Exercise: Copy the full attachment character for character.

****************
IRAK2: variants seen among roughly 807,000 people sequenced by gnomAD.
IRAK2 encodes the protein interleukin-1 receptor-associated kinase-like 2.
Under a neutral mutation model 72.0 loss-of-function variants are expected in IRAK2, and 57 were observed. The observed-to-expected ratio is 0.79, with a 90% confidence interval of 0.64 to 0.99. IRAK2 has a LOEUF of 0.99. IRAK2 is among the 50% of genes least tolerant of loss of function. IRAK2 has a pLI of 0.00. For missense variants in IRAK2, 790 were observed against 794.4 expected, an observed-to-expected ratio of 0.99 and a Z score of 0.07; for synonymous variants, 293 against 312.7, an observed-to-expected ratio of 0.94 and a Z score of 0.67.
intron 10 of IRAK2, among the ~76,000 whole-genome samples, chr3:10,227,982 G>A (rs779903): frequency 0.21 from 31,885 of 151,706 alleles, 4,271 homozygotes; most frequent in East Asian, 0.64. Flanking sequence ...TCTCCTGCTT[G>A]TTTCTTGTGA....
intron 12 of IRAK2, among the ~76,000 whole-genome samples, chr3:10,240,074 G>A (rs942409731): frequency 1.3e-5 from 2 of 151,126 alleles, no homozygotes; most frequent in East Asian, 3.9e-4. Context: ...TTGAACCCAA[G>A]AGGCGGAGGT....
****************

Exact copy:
IRAK2: variants seen among roughly 807,000 people sequenced by gnomAD.
IRAK2 encodes the protein interleukin-1 receptor-associated kinase-like 2.
Under a neutral mutation model 72.0 loss-of-function variants are expected in IRAK2, and 57 were observed. The observed-to-expected ratio is 0.79, with a 90% confidence interval of 0.64 to 0.99. IRAK2 has a LOEUF of 0.99. IRAK2 is among the 50% of genes least tolerant of loss of function. IRAK2 has a pLI of 0.00. For missense variants in IRAK2, 790 were observed against 794.4 expected, an observed-to-expected ratio of 0.99 and a Z score of 0.07; for synonymous variants, 293 against 312.7, an observed-to-expected ratio of 0.94 and a Z score of 0.67.
intron 10 of IRAK2, among the ~76,000 whole-genome samples, chr3:10,227,982 G>A (rs779903): frequency 0.21 from 31,885 of 151,706 alleles, 4,271 homozygotes; most frequent in East Asian, 0.64. Flanking sequence ...TCTCCTGCTT[G>A]TTTCTTGTGA....
intron 12 of IRAK2, among the ~76,000 whole-genome samples, chr3:10,240,074 G>A (rs942409731): frequency 1.3e-5 from 2 of 151,126 alleles, no homozygotes; most frequent in East Asian, 3.9e-4. Context: ...TTGAACCCAA[G>A]AGGCGGAGGT....